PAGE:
Competition teaches the child that hard work and practice pay off. Listening to and respecting an authority other than their parents is good for kids. I want to produce humans who control their emotions in everyday life and stressful situations. Competition is a great avenue for teaching some things that will impact them positively for the rest of their lives. That’s how we, as parents, win!



                                           How Do I Raise a Respectful Teenager? Part 1
By Barbara Russell


When I brought my sweet, innocent, newborn baby home from the hospital, I trembled at the thought of how I was supposed to raise this little one to become a respectful teenager. I had never been a mother before, and I wasn’t sure I knew what to do, but I believed James 1:5: “If any of you lack wisdom, let him ask of God, that giveth to all men liberally and upbraideth not; and it shall be given him.

 It wasn’t long before my sweet, innocent baby started to manifest his ugly sinful nature.

As I laid him in his crib, knowing his belly was full, his diaper was dry, and he was cuddled and loved, he screamed like I laid him on a tack!   He did NOT want to go to sleep. It wasn’t easy for me to say, “Goodnight, Mommy loves you,” and then shut the door behind me to let him scream. I knew sleep was what he needed. After consistently resisting bedtime, he realized that he was not going to get his way, so he might as well submit to my authority, stop screaming, and go to sleep. Why did I do this? Because I was trying to raise a respectful teenager, and “He that hath no rule over his own spirit is like a city that is broken down, and without walls.” (Prov. 25:28)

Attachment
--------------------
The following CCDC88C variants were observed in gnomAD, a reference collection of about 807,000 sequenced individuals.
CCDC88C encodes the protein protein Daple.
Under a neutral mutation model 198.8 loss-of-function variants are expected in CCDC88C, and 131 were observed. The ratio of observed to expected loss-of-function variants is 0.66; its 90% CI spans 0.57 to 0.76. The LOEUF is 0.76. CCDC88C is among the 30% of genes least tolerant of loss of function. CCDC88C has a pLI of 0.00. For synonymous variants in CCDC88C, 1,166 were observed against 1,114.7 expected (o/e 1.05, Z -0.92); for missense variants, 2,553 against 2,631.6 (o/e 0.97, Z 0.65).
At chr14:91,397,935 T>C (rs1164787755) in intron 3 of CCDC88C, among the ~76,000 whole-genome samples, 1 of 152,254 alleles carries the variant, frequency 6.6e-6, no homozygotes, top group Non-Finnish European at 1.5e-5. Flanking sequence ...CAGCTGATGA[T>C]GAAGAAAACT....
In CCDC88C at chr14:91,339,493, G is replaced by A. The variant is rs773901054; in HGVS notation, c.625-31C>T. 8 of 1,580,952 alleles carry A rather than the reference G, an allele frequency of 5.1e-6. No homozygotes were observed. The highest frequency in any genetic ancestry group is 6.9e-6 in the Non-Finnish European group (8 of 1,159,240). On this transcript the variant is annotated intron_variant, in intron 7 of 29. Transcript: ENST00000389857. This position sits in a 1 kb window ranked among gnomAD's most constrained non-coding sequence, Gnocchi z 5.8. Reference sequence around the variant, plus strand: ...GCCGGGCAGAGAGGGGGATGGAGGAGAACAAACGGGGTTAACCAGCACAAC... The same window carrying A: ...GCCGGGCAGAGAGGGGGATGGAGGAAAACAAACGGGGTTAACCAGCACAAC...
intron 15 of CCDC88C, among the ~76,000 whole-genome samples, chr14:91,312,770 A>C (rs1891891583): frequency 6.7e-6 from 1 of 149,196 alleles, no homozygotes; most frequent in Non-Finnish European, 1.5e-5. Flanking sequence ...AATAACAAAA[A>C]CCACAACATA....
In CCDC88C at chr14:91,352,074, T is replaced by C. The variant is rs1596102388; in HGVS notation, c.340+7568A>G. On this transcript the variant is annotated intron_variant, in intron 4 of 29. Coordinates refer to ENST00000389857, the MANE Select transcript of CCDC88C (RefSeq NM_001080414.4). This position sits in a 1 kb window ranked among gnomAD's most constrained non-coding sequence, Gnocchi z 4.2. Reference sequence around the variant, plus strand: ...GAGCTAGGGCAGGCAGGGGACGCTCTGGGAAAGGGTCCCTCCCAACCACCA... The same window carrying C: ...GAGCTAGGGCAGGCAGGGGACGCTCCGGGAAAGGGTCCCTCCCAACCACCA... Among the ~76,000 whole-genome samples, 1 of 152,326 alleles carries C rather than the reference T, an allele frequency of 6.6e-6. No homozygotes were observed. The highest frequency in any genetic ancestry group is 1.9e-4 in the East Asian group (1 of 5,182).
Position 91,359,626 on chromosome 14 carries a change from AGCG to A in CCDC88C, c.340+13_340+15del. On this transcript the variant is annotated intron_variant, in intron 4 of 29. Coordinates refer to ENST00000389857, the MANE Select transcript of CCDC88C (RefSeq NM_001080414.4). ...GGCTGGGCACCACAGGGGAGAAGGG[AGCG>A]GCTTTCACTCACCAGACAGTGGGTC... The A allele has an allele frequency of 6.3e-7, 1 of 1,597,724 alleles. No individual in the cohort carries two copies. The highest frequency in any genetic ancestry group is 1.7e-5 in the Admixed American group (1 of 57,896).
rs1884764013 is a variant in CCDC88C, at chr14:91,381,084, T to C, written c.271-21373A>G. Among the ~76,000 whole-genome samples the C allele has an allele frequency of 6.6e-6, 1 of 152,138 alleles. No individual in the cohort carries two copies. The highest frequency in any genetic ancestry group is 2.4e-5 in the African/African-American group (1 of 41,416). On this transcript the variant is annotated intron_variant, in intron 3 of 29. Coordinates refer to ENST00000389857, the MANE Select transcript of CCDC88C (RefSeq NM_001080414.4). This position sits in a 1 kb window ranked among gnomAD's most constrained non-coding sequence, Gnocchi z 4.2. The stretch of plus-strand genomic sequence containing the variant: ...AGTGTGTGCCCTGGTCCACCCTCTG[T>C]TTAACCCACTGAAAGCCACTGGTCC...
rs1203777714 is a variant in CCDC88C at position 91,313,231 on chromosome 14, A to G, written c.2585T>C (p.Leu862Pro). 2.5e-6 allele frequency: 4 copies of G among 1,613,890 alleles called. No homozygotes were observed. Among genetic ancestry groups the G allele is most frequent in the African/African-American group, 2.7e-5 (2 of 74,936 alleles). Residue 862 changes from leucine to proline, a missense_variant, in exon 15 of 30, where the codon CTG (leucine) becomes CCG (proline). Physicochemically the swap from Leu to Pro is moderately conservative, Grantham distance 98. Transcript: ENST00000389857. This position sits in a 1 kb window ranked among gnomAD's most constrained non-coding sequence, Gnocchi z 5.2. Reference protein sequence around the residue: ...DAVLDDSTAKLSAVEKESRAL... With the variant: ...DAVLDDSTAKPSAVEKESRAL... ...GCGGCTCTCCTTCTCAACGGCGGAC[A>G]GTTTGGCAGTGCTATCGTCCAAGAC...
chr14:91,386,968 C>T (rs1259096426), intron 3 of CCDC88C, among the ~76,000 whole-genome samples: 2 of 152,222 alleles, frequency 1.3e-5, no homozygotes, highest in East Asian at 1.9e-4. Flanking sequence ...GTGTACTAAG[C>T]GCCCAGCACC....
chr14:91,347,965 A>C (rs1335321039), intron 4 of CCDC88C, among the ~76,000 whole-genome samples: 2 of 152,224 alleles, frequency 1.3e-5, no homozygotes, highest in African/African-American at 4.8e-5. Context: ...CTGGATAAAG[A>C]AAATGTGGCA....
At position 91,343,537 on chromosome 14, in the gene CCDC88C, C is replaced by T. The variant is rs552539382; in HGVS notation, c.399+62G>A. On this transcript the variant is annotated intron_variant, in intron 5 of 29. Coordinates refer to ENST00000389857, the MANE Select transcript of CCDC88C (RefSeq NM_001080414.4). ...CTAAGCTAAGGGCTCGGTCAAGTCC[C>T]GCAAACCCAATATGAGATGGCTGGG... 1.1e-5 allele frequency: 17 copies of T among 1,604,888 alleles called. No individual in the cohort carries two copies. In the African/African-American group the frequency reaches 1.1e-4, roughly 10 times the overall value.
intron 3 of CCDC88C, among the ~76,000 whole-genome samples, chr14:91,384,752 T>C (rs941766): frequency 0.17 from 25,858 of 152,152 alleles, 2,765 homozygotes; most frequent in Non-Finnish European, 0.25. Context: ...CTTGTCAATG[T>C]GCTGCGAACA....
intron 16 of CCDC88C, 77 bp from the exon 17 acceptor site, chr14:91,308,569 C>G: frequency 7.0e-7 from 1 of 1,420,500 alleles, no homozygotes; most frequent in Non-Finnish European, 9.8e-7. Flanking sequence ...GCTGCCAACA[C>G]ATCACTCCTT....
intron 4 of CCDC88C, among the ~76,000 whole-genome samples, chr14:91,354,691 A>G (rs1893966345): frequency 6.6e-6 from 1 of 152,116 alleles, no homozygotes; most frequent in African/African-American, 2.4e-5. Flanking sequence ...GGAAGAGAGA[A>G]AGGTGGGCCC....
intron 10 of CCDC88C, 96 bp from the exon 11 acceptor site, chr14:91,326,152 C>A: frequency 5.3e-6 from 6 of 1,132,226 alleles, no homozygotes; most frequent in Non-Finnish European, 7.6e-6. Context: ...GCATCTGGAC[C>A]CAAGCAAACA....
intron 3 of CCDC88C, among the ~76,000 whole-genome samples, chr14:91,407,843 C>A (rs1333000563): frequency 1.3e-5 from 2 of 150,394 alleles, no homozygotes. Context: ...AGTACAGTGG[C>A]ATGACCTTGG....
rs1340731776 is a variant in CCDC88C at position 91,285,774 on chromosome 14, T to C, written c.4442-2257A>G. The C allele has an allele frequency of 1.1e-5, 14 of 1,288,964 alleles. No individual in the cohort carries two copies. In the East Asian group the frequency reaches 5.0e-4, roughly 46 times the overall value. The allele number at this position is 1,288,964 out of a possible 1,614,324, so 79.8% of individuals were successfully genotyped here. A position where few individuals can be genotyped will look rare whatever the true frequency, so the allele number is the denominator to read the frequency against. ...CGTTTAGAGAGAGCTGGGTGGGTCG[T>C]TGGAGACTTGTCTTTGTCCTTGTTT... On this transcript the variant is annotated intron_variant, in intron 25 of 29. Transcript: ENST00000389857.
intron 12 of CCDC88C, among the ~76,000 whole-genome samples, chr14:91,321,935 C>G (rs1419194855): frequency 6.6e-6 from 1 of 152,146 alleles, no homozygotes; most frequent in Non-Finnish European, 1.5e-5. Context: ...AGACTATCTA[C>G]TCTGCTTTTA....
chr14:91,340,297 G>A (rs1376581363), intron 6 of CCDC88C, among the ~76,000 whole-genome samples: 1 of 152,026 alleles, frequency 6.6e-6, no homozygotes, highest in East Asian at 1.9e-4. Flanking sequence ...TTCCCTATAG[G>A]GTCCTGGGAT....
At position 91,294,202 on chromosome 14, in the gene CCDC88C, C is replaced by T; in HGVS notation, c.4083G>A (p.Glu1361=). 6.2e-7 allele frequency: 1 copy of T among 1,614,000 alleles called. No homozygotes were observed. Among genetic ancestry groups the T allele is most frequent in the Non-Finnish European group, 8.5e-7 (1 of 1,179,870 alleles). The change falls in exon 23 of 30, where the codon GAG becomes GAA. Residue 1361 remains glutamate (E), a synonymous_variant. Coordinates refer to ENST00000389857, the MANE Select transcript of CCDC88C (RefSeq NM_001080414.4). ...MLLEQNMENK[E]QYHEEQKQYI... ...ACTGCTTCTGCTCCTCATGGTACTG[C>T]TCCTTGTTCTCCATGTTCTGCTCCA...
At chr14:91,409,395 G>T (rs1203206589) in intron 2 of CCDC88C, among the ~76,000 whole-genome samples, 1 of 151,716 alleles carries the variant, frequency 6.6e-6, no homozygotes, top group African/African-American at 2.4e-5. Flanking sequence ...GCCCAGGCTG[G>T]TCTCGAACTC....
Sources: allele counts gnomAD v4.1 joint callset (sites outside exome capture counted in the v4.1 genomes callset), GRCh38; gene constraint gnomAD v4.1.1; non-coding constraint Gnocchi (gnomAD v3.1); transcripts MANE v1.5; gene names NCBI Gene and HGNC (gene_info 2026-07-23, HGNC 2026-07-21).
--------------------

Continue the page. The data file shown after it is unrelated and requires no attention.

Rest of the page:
As time went on, my sweet baby learned to roll over. He decided he would like to do this while I was changing his diaper. At first, I would gently roll him back over and say, “Lie still.” If he continued to roll over, I would swat his bottom and kindly repeat, “Lie still.” We would do this over and over until he decided to submit to my authority. I refused to “manhandle” my baby on the changing table (or chase my toddler all over the house trying to change a diaper), NOT because it was an inconvenience to me, BUT because I was trying to raise a respectful teenager. Col. 3:20 says, “Children obey your parents in all things: for this is well pleasing unto the Lord.”

How exciting it was when my baby learned to walk! Oh, but wait! Now he could go wherever he wanted, and he soon learned that he could run from me! “Come to Mommy,” I called to him while we were out shopping. Instead, he decided to run away from me, which resulted in him falling and cracking his head open. He received 7 stitches and wears the scar to this day. After that, several times a day, I would initiate, “Come to Mommy.” If he did not come, he got a spanking. Sometimes he would throw himself on the floor in protest. I would not pick him up, but told him to get up and come to Mommy. If he refused, I would go over to him, spank him, go back to my spot and repeat, “Come to Mommy.” We did this over and over until he decided to submit his will to my authority. Why? Because I was trying to raise a respectful teenager and “Foolishness is bound in the heart of a child: but the rod of correction shall drive it far from him.” (Prov. 22:15)